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Effect of rising interest rates on investing

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Everything is getting more expensive. It’s a refrain you hear constantly these days as rising interest rates and inflation affects everything from the price of groceries to mortgage payments. 

With inflation on the rise and Canadian 
interest rates the highest they’ve been in decades, getting a handle on one’s finances is more important than ever today. While rising interest rates are meant to combat inflation and reduce spending and borrowing, where does that leave potential homeowners and those looking to invest? What do rising interest rates mean for borrowing money, and how will rising rates impact the economy? 


As talk of a looming recession increases, investment strategies can seem overwhelming given the uncertainty in the economy. Below we’ll look at best practices for investing during rising interest rates, examine how a looming recession may affect the economy, and provide a framework for those debating whether to invest in these unpredictable times. 

How Rising Interest Rates Affect Borrowing

At the time of this writing, the current Prime Rate in Canada sits at 6.7%, more than double what the rate was for most of 2022. The Prime Rate is used to determine the interest rate in the country for a variety of loans, from variable-rate mortgages to car loans to the interest rates on certain credit cards. If you are looking to borrow money for any reason, the effects of interest rates will impact your budget and may affect your ability to borrow at all depending on your overall financial picture.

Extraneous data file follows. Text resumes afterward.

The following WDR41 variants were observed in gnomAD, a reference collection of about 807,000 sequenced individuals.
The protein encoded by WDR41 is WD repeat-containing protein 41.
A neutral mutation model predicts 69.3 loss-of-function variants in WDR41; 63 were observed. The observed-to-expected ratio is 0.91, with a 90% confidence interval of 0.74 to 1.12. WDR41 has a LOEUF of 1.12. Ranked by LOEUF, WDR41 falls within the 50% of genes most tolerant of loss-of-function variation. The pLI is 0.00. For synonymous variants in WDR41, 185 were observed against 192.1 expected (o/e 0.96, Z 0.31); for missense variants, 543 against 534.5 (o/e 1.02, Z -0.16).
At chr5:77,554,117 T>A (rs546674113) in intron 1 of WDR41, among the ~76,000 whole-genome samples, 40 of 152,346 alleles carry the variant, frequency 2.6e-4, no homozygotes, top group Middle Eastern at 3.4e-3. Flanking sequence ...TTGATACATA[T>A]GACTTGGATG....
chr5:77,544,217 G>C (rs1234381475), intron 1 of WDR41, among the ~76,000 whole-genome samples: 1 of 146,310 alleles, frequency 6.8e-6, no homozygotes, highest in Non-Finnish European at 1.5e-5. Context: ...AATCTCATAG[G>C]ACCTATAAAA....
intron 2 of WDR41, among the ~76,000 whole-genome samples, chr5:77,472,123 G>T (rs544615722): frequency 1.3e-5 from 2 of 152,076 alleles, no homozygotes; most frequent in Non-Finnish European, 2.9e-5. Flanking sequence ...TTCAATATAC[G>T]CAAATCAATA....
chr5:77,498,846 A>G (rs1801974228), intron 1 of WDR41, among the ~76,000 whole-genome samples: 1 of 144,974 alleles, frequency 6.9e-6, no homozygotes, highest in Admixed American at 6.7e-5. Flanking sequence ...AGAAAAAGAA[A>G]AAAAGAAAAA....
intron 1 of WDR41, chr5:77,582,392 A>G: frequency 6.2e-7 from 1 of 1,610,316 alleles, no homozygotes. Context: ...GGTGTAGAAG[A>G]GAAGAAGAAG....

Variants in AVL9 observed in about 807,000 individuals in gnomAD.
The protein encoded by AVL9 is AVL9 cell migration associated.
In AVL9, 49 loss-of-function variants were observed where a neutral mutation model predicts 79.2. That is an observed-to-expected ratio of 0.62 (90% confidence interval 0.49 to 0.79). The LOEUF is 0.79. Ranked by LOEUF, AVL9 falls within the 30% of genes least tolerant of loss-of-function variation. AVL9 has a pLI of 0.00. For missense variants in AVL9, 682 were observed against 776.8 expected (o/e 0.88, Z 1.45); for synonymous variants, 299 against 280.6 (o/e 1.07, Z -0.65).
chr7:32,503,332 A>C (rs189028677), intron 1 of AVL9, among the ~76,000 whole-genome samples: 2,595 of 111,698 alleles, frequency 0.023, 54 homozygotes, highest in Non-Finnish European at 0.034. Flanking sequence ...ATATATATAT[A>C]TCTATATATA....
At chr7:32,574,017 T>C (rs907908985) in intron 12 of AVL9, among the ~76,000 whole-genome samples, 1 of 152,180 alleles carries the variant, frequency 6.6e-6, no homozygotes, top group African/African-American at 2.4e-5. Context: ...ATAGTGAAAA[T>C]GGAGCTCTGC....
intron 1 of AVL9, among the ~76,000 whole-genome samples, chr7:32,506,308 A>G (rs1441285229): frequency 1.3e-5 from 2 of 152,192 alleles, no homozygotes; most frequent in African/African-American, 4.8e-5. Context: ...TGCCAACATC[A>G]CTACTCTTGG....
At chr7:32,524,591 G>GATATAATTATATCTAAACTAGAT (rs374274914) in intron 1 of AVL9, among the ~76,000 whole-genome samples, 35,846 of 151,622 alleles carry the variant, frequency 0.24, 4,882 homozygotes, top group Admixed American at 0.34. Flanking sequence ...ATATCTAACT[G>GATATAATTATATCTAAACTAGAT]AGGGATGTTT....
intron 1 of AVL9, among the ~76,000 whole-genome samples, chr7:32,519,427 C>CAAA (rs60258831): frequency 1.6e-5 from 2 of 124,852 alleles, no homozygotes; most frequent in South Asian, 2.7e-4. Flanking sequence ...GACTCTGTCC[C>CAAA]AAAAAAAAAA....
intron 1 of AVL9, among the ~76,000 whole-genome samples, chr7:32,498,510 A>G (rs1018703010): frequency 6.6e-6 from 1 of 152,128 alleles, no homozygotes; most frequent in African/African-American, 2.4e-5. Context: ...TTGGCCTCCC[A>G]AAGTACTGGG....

If you are looking for a loan, you will likely be run through a financial stress test exercise, which tests to see if you will still be able to repay your loan given rising interest rates and the possibility of a recession.


In essence, borrowing is much more expensive now than it has been for many years. That shouldn’t entirely dissuade you from opening the business you’ve been working towards or buying a home that you’ve been saving for, but it does mean you will need to re-examine your financial reality given the current high-interest rates. Ultimately, you and your lender will need to assess if your plans are still feasible given the current interest rates and determine if the amount of your loan repayments are within your budget. 

Investment Tips Amidst Rising Interest Rate

Investing during rising interest rates is tricky; interest rates are rising to curb inflation by hoping people spend less, not more. That said, below are a few recommendations for those looking to invest in this turbulent time.

Guaranteed Investment Certificates (GICs)